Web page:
He studied in Petrograd from 1924 to 1928. In 1926, from the professors that he engaged with, as well as the students, the “Brotherhood of St. Seraphim” was formed. At this time his intellect was maturing. Where before he would write papers as requirements for his course work, now he was in a tight-knit group who had the same vision as he. Together they would now write and speak on those issue of the most pressing importance to the group. He notes: “Bergson, Lossky, Askoldov: these are the three stages of my philosophical development – philosophical, but not religious. On the latter path I had entirely different teachers: Bishop Theophan the Recluse, Bishop Ignatius Brianchaninov, the Optina Elders, and the ever-memorable Father John of Kronstadt – and then the Philocalia, and, in general, Orthodox patristic literature. With Optina elder Nectarius I engaged in a long correspondence, and with Elder Dositheus I was in personal contact. Twice I had had personal contact with Father John of Kronstadt also. Being taught by them the strictly Orthodox spiritual method (if one can thus express oneself), I made it secure by means of unforgettable impressions of visits to remarkable Russian monasteries (Valaam, Solovki, the Kiev Caves Lavra, Sarov, Diveyevo, Optina Monastery, and others). As a result, the choice became clear to me between the conservative Orthodoxy of Father John of Kronstadt and the ‘modernized’ Orthodoxy of V. Soloviev and his school. Without wavering, I chose the former path.”
The benefits of this “securing” of Orthodoxy he speaks of later on in life in an article entitled The Psychology and Psychopathology of Old Age saying, “A great consolation in all sorrows of life in mature years, and especially in old age, is the religious feeling that has been preserved. This consolation can give a quiet, calm old age and help one to calmly accept death as a sleep in the hope that eternal life exists in another better world.”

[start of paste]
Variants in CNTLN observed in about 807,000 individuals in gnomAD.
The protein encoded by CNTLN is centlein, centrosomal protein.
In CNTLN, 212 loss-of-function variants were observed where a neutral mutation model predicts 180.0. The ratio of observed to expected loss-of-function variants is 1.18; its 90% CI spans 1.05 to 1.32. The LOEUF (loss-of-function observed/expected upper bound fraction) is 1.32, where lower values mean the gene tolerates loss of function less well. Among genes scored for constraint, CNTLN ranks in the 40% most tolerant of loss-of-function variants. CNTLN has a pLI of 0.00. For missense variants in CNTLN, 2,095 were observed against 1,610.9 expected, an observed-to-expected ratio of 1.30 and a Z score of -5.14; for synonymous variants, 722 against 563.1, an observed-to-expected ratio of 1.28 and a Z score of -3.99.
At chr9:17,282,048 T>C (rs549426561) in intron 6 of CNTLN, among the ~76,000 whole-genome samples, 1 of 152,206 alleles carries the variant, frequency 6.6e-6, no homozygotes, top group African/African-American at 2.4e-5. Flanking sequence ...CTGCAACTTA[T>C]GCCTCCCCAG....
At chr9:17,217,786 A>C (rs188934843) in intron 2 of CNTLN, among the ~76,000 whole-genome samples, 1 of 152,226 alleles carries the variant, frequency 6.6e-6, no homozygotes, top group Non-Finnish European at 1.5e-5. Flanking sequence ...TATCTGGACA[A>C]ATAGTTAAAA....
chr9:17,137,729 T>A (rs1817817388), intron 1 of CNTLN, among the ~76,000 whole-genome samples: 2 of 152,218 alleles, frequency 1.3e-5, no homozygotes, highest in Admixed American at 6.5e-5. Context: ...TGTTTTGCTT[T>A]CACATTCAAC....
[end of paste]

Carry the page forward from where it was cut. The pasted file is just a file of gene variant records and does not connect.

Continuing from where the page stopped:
To what he had been learning Ivan began to “secure” this by making his first pilgrimage: to Diveyevo. There was a “rule” at the Diveyevo Convent, given by St. Seraphim himself, which was to be performed by the pilgrims who visited. The canal around the Convent was to be walked around, with prayer rope in hand, and the prayers to be said were “Virgin Theotokos” one hundred and fifty times, the “Our Father” one hundred and fifty times, then one was to pray for all of one’s relatives and acquaintances, both living and dead. After this, one was to state one’s most heartfelt, most necessary desire which would then be fulfilled without fail.
With prayer rope in hand, Ivan walked around the canal, performing the St. Seraphim “rule.” He recalls, “I intended to ask for many things, both material and spiritual, but when, at the end of the third circuit of the ditch, I had performed the entire rule and wanted to express my heartfelt desires, something miraculous took place, obviously through the great mercy of St. Seraphim. I was suddenly seized by a very special, spiritual, quiet, warm and fragrant joy; an undoubting conviction of my whole being of God’s existence, and of an absolutely real, prayerful communion with Him. It became completely obvious and clear to me that a petition for anything earthly would be tantamount to the prayer: ‘Lord, leave me and deprive me of Thy wondrous gift…’